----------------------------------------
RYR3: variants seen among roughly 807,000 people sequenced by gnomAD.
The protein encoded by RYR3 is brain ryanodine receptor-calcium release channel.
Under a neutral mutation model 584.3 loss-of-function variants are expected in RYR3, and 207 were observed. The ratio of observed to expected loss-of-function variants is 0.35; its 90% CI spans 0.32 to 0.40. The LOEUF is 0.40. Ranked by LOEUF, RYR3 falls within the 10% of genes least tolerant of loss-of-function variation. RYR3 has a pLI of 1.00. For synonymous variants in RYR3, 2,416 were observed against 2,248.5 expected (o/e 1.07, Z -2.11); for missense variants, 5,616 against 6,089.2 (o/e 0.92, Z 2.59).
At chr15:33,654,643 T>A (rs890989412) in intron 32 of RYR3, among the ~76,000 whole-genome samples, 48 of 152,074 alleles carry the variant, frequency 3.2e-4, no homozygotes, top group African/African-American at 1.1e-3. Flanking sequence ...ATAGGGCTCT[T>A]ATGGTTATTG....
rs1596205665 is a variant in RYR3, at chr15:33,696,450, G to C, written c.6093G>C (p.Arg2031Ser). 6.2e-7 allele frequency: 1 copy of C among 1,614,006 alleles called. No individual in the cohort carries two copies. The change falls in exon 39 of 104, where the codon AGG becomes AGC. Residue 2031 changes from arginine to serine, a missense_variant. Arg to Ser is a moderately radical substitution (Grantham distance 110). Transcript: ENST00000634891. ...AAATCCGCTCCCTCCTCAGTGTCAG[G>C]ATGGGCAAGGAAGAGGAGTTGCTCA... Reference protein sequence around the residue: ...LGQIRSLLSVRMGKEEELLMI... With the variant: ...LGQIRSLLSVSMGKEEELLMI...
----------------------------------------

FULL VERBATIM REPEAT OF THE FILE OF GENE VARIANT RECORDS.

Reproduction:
RYR3: variants seen among roughly 807,000 people sequenced by gnomAD.
The protein encoded by RYR3 is brain ryanodine receptor-calcium release channel.
Under a neutral mutation model 584.3 loss-of-function variants are expected in RYR3, and 207 were observed. The ratio of observed to expected loss-of-function variants is 0.35; its 90% CI spans 0.32 to 0.40. The LOEUF is 0.40. Ranked by LOEUF, RYR3 falls within the 10% of genes least tolerant of loss-of-function variation. RYR3 has a pLI of 1.00. For synonymous variants in RYR3, 2,416 were observed against 2,248.5 expected (o/e 1.07, Z -2.11); for missense variants, 5,616 against 6,089.2 (o/e 0.92, Z 2.59).
At chr15:33,654,643 T>A (rs890989412) in intron 32 of RYR3, among the ~76,000 whole-genome samples, 48 of 152,074 alleles carry the variant, frequency 3.2e-4, no homozygotes, top group African/African-American at 1.1e-3. Flanking sequence ...ATAGGGCTCT[T>A]ATGGTTATTG....
rs1596205665 is a variant in RYR3, at chr15:33,696,450, G to C, written c.6093G>C (p.Arg2031Ser). 6.2e-7 allele frequency: 1 copy of C among 1,614,006 alleles called. No individual in the cohort carries two copies. The change falls in exon 39 of 104, where the codon AGG becomes AGC. Residue 2031 changes from arginine to serine, a missense_variant. Arg to Ser is a moderately radical substitution (Grantham distance 110). Transcript: ENST00000634891. ...AAATCCGCTCCCTCCTCAGTGTCAG[G>C]ATGGGCAAGGAAGAGGAGTTGCTCA... Reference protein sequence around the residue: ...LGQIRSLLSVRMGKEEELLMI... With the variant: ...LGQIRSLLSVSMGKEEELLMI...